It’s been 10 years since Norway opened the global seed vault on Svalbard. Agriculture Minister Jon Georg Dale has invited seed depositors and partners from around the world to a “Seed Vault Summit” on Svalbard this weekend, to celebrate the anniversary.
Dale, along with Crop Trust and NordGen, will mark the occasion with panel discussions, meetings and observance of a new seed delivery from 20 international gene banks.
The seed vault on Svalbard was opened in February 2008 by former Prime Minister Jens Stoltenberg (now secretary general of NATO) and Wangari Maathai, who won the Nobel Peace Prize in 2004 for her efforts to plant trees in Africa and restore vegetation. The vault was meant to offer a secure storage vault for seeds deep inside an Arctic mountain on Svalbard’s main island of Spitsbergen.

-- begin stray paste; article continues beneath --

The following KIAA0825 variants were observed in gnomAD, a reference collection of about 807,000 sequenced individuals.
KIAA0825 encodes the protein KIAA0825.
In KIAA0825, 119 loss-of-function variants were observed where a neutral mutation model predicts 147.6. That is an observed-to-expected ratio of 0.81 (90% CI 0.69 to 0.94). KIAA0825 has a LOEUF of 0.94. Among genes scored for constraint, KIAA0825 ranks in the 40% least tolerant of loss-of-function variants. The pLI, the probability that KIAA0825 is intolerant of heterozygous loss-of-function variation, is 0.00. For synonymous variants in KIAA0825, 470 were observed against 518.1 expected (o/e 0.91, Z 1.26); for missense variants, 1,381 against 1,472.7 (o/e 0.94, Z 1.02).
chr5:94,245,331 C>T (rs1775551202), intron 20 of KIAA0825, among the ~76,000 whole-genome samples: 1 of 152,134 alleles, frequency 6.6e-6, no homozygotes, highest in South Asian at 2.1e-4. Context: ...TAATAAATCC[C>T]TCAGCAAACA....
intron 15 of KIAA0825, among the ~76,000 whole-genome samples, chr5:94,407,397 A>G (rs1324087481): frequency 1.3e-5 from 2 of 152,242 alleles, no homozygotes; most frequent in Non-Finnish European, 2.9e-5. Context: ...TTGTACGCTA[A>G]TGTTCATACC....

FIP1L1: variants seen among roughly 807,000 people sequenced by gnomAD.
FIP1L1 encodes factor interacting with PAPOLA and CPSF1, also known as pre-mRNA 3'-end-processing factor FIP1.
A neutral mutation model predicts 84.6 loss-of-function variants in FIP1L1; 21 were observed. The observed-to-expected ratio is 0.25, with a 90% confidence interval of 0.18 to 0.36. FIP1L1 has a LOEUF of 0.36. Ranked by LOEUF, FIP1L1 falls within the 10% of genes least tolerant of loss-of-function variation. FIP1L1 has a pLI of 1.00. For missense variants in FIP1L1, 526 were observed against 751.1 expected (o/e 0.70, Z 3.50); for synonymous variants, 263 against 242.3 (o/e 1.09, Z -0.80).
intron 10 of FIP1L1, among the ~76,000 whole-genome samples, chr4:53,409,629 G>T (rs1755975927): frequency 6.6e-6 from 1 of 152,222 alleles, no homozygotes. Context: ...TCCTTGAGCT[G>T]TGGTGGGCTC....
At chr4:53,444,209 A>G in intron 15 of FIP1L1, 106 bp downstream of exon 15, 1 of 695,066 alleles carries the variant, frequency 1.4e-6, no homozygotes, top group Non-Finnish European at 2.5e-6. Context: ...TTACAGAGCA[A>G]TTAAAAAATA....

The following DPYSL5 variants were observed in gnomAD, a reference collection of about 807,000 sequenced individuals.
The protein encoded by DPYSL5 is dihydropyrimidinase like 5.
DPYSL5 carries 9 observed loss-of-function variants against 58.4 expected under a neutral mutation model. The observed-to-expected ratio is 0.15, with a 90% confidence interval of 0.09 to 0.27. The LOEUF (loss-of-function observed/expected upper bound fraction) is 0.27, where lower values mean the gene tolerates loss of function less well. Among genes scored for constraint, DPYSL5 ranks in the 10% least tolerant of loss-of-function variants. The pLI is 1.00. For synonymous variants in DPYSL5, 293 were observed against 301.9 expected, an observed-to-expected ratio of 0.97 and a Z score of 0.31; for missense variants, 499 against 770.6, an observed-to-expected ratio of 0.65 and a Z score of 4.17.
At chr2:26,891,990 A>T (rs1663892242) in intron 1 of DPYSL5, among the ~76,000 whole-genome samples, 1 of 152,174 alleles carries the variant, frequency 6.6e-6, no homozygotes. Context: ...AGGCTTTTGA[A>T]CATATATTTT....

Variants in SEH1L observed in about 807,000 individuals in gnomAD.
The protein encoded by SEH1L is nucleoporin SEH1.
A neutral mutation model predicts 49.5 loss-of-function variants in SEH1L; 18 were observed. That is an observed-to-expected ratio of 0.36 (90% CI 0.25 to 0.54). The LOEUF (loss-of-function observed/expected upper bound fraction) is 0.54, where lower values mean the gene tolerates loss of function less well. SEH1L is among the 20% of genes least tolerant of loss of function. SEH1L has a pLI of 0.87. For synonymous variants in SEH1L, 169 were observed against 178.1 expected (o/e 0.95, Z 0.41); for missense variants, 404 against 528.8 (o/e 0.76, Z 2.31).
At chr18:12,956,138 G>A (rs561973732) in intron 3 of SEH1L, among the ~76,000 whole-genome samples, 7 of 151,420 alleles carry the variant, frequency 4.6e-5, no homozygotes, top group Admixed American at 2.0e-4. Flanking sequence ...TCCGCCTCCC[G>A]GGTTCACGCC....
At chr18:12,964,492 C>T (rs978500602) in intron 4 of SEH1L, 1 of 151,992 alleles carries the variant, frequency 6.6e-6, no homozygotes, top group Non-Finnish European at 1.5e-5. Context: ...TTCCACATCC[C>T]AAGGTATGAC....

The goal has been to preserve genetic variation within the world’s plants used for food, and thereby secure that plants providing nourishment are not destroyed by local or global catastrophes. Around 5,000 plant species are currently stored in the vault, including seeds for wheat, rice and beans. The seed vault is closed to the public, but it’s distinctive entrance has become a tourist attraction itself.